Understanding how PBMs work
In the U.S., 266 million people get their outpatient medications through a Pharmaceutical Benefit Manager (PBM). PBMs are middlemen that manage outpatient pharmacy benefits and claims on behalf of a health insurance plan or employer. They do this by negotiating retail drug prices through bulk purchasing, setting co-pays and formulary design, and steering patients to certain medication substitutes.
PBMs were responsible for an estimated 72% of the $457 billion spent on prescription drugs in the U.S. in 2015. Furthermore, the three largest PBMs – Express Scripts, CVS Health (Caremark), and OptumRx – own an estimated 72% of the prescription claims market share. PBMs can save businesses millions of dollars every year, however, recent events have caused many people to be skeptical of the PBM business model. The opaque pricing system and the use of negotiated rebates and kickbacks have made it difficult for businesses to determine the true value of PBMs.
Finding a PBM that saves your business money
Despite the recent skepticism, the right PBM can still offer significant value to your business. From offering one-on-one medication counseling to patients, to designing more patient-friendly medication labels and creating more convenient ways to pick up and refill medications, PBMs now impact nearly every part of the prescription drug supply chain. For disabled or frail patients, their mail order programs can overcome compliance barriers associated with in-store pickups. In some instances, PBMs have reduced health care costs by switching patients to generic medications or comparable alternatives when clinically appropriate. PBMs also have bulk purchasing leverage to negotiate lower drug prices with manufacturers.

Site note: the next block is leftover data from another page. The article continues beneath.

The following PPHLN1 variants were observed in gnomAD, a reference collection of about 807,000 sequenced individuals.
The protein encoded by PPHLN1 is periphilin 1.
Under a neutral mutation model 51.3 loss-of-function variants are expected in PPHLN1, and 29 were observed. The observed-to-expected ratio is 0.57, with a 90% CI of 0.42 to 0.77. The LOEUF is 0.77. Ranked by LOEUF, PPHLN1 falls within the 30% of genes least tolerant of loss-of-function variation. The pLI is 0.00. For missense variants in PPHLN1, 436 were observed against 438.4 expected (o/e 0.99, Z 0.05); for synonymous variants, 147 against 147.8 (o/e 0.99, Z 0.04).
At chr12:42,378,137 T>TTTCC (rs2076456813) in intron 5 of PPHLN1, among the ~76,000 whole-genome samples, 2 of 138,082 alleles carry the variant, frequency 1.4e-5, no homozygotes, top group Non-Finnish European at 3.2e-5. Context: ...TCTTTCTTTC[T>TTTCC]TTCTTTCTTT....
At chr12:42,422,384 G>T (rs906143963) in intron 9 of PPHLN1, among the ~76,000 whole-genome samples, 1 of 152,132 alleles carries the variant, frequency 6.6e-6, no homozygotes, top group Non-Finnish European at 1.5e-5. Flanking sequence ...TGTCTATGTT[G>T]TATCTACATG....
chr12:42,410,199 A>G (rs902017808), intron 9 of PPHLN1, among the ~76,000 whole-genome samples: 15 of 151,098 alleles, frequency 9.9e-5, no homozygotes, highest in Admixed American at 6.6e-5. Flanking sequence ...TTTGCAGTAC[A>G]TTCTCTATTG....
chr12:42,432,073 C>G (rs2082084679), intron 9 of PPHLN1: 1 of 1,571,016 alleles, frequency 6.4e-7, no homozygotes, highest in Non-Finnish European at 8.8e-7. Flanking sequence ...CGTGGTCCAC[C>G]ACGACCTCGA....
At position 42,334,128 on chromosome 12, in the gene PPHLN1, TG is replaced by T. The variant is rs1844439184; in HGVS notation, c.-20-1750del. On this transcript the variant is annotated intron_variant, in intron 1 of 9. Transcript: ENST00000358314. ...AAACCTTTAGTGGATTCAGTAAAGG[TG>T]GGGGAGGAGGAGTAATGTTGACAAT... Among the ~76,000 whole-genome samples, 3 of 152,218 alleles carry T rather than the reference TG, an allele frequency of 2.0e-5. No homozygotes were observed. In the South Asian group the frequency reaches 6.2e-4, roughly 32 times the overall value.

However, the lack of transparency around prices charged to health plans threatens the PBM claim of lowering health care costs for businesses. A spread, in drug pricing, refers to the difference between the amount the PBM pays a pharmacy and the amount the PBM bills a health plan or employer for the same drug. For instance, a PBM may buy insulin from a pharmacy for $150 then charge a health plan or employer $200 for that insulin as part of a negotiated agreement with the health plan. This $50 difference is known as the spread and is one of the major strategies PBMs use to generate profits.
Most employers are not aware of spread pricing, and if they are, they have no way of knowing how big the spread is for each of the hundreds of different medications on their drug formulary. Due to the complexity of drug pricing, the advent of new drugs, and a changing patient population, most employers and health plans are unable to understand how much money they are actually saving through their PBM.
In order to receive the benefits that PBMs offer without the risk of being overcharged, the PBM you choose for your business must have reasonable spreads, transparent pricing, and a high pass-through percentage (the amount of the rebate or discount that is shared with the patient in order to cut costs.
Trusted PBM Consultants
Restoring Medicine has vetted the following consulting firms to ensure they provide honest and fair pricing for their services as well as offering the correct types of pharmacy benefit and health insurance plans for your business. For help choosing the right PBM, health plan, or insurance broker, we recommend the following firms:
*Restoring Medicine does not accept sponsorship from any health plan or PBM